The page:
It wasn’t man-made lights along a seaside boardwalk that caused this glow in late April and early May. This light show on Southern California and northern Mexico’s Pacific shores was all natural. The bright blue gleam in the crashing waves was caused by bioluminescent plankton tumbling in the surf.
The affected section of the Pacific experienced an algal bloom commonly called “red tide.” By day, the algae, which are a type of phytoplankton, give the water a rusty orange appearance. But at night, they glow neon blue. The phenomenon was a nighttime gift to evening beachgoers—but sadly, with beaches mostly closed, not so many were able to enjoy the rare event. Law enforcement quickly dispersed the crowds that did try to gather. With beach parking areas closed, cars congested roadways along the shoreline, creating potentially dangerous traffic situations. Officials also worried that large groups of spectators might increase transmission of the novel coronavirus.
Surfers did get to enjoy the glow up close as they took advantage of the waves at the beaches of San Diego. There, swimming, surfing, and paddleboarding were all allowed activities despite the stay-at-home orders. Dolphins and sea lions were spotted leaping and diving in the midst of the bloom, churning up the water and causing the algae to flash and sparkle with colored light with each splash and dive.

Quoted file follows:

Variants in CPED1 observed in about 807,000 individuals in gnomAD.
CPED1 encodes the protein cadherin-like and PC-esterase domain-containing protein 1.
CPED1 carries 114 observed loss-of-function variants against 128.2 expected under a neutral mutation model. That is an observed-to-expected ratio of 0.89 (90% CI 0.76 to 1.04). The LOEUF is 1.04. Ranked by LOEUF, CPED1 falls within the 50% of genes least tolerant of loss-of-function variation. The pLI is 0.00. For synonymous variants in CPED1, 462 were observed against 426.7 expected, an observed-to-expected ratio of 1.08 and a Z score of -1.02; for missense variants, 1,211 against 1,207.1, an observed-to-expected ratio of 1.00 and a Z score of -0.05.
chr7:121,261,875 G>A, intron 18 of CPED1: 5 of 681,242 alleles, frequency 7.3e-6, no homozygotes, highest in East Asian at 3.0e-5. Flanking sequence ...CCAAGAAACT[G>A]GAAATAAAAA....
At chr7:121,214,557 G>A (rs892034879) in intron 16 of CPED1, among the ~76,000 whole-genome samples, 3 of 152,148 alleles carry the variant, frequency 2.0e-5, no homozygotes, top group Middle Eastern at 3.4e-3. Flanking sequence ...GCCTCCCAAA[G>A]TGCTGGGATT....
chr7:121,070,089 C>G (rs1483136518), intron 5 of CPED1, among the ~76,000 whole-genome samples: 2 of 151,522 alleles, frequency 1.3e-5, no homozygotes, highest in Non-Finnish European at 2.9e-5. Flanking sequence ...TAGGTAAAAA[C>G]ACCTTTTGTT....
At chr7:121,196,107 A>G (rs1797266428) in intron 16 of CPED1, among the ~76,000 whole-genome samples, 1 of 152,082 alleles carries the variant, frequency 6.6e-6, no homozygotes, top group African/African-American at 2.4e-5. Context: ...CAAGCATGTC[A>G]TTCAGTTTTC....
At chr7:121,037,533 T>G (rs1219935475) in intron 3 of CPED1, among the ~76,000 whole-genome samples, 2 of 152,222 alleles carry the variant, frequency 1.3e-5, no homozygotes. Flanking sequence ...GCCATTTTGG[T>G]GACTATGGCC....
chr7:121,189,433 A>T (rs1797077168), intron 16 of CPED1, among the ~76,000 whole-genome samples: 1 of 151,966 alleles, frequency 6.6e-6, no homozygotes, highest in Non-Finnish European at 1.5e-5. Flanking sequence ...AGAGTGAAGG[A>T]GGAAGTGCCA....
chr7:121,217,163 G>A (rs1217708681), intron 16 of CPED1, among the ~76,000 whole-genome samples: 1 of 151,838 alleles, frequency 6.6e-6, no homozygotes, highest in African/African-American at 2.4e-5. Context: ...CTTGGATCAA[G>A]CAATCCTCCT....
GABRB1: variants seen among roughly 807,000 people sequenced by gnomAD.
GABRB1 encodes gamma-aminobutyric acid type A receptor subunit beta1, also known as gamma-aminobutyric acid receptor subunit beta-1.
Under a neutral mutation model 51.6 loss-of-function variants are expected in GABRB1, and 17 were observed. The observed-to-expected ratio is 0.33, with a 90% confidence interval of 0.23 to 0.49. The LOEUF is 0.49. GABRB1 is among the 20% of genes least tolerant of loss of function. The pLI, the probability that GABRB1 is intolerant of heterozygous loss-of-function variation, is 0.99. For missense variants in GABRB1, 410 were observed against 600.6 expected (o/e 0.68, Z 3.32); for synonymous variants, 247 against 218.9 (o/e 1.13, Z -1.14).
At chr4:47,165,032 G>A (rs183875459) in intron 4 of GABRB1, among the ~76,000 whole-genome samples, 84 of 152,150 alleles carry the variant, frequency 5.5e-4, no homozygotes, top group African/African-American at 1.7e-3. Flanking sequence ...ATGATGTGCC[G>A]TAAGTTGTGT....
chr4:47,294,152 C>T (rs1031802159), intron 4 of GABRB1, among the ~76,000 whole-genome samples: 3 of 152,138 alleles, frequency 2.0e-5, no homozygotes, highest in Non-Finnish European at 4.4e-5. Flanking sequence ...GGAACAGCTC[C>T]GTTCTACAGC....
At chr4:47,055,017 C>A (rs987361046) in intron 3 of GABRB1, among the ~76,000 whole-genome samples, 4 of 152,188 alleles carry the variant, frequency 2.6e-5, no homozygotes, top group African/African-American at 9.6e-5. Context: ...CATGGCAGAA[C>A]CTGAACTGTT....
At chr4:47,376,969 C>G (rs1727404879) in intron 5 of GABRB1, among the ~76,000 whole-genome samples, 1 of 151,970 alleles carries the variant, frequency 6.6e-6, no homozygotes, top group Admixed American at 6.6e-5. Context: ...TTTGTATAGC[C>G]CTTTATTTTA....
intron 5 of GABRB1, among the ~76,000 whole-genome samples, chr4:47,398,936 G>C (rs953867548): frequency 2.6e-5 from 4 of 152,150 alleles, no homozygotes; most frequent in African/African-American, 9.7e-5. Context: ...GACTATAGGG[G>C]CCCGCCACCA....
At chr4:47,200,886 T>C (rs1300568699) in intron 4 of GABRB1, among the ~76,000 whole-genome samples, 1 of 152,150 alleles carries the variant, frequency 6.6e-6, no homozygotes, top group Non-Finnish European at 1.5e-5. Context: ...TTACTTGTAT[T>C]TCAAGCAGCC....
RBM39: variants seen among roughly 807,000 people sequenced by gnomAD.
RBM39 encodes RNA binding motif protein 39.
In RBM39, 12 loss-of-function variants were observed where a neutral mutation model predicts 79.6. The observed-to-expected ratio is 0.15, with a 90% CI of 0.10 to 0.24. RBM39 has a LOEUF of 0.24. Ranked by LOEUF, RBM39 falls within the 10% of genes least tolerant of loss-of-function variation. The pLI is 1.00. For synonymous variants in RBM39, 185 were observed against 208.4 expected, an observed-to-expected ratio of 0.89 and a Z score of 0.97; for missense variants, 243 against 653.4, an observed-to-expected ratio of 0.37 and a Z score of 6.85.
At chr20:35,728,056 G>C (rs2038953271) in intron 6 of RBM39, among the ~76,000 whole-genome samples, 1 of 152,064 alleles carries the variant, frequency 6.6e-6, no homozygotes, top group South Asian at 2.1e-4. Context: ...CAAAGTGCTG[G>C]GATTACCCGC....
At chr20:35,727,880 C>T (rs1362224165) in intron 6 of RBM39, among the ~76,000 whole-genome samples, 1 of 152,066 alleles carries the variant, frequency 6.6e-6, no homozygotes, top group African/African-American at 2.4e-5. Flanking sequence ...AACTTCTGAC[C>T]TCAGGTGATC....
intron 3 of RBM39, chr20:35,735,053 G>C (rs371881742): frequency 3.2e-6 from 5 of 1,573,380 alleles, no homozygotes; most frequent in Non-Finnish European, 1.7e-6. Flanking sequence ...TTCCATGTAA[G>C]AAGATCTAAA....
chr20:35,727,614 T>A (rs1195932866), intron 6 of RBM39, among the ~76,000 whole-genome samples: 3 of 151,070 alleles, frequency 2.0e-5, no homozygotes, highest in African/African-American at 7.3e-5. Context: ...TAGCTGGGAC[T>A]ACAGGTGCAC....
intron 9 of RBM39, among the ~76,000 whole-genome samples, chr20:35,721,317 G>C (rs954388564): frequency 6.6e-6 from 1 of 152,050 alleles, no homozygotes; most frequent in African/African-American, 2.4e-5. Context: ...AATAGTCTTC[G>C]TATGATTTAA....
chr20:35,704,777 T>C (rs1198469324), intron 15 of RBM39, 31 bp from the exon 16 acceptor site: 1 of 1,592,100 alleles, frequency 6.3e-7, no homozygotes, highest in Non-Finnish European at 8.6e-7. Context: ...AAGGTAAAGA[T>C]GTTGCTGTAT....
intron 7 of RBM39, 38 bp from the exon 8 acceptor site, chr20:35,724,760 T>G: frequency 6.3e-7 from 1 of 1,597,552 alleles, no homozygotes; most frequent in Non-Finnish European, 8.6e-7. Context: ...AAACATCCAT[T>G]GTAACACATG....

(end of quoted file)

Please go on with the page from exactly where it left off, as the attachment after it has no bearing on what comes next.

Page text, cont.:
What makes the algae glow? The microscopic organisms contain chemical molecules called luciferin. The glow may be a defense mechanism for the plankton. When water is turbulently churned up—as it might be if a predator descended on the algae—the algae expends precious energy to release an enzyme called luciferase. When luciferase, luciferin, and oxygen all meet up, a chemical reaction occurs and heatless light results. Scientists speculate that the flashes of light might startle would-be predators, causing them to turn away from the glowing plankton.
Sometimes red tide algae blooms are toxic to other marine life. But that’s not the case with this one, which stretched from Baja California as far north as Los Angeles. This bloom was dominated by a phytoplankton called Lingulodinium polyedra, or L. poly for short. It is a nontoxic alga, even when it is as prolific as this one.